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Improving fraud risk management with an enhanced Fraud Triangle

The Fraud Triangle has long illustrated the core principles of the ACFE’s training in understanding how fraud occurs. Here the authors suggest a revised Fraud Triangle that considers a more detailed look at a fraudster’s personal characteristics in addition to the rationalization component of the original triangle.

The Fraud Triangle has long been a staple of fraud risk management training and practice, earning adjectives like “seminal” and “enduring.” In his July/August 2014 Fraud Magazine article, Iconic Fraud Triangle endures, W. Steve Albrecht, Ph.D., CFE, CPA, CIA, describes the original triangle’s persistently prominent role over time and across various fraud-related settings.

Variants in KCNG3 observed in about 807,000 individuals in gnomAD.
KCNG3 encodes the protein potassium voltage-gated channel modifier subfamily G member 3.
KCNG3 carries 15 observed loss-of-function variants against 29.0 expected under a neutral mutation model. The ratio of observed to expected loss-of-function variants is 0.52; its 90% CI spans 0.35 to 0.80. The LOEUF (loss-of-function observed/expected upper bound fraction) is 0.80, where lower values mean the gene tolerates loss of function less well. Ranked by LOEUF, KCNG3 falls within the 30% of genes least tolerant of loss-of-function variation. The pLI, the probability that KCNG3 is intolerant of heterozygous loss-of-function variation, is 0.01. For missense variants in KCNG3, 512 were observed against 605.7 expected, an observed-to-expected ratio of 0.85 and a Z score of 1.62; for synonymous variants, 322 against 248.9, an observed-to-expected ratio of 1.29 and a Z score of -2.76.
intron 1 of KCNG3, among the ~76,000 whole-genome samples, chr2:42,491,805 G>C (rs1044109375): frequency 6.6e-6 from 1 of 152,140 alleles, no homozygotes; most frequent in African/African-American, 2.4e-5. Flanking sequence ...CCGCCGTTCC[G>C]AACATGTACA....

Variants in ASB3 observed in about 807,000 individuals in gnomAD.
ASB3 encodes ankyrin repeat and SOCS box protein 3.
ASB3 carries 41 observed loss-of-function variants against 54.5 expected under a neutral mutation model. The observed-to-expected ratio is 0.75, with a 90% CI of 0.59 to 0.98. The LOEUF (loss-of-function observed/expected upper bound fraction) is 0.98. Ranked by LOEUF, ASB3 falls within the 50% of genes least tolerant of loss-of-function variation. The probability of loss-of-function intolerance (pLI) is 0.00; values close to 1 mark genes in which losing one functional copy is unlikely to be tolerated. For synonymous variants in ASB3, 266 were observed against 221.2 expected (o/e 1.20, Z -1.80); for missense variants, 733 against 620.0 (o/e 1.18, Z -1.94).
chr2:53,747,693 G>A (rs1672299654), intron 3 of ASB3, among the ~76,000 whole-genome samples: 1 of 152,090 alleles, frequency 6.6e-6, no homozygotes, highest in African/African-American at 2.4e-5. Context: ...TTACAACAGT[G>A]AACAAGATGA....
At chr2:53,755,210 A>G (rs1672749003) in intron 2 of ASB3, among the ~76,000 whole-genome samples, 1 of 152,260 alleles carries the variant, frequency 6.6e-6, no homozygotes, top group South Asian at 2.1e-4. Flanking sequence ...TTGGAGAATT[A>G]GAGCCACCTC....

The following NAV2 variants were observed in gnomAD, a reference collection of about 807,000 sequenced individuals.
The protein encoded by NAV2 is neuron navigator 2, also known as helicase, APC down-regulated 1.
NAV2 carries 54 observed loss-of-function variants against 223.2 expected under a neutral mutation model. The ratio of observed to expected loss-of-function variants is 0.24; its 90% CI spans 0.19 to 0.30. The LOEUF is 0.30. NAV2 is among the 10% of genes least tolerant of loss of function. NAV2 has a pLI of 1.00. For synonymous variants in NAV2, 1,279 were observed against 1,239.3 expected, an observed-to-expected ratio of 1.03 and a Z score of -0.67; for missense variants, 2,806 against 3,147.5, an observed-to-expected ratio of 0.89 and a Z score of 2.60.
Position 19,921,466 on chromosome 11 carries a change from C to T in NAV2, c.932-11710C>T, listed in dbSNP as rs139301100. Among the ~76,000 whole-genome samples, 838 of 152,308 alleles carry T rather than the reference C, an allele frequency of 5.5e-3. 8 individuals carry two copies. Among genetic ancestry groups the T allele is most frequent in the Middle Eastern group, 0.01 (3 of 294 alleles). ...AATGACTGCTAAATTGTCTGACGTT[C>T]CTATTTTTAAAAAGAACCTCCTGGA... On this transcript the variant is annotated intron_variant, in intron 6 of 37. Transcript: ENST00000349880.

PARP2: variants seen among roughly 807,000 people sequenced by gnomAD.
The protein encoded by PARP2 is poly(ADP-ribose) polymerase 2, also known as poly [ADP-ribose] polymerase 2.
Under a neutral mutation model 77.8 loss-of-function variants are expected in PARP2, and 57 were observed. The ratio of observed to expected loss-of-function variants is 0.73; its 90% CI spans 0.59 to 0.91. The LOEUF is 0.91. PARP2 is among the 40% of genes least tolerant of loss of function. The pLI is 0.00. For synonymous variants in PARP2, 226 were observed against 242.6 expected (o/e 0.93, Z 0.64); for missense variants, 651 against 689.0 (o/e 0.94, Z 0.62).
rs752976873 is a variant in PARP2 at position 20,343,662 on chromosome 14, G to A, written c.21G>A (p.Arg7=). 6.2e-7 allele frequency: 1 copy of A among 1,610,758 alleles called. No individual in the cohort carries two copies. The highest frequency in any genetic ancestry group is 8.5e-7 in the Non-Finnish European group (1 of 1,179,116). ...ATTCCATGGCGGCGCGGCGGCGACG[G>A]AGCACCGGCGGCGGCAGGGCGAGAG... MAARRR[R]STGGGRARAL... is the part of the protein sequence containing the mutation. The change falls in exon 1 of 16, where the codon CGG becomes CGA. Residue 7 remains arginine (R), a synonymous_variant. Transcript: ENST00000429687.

Without question, the Fraud Triangle’s focus on pressure, opportunity and rationalization continues to help anti-fraud professionals understand why fraud occurs and where they need to focus attention when considering fraud cases of all types. In academic circles around the world, teaching and learning the classic Fraud Triangle has become a rite of passage for students in auditing and fraud courses.

The Fraud Triangle also serves as the underlying model used in authoritative standards for external auditors, including Statement on Auditing Standards No. 99, “Consideration of Fraud in a Financial Statement Audit” (AU 316), and International Standard on Auditing 240, “The Auditor’s Responsibilities Relating to Fraud in an Audit of Financial Statements.”


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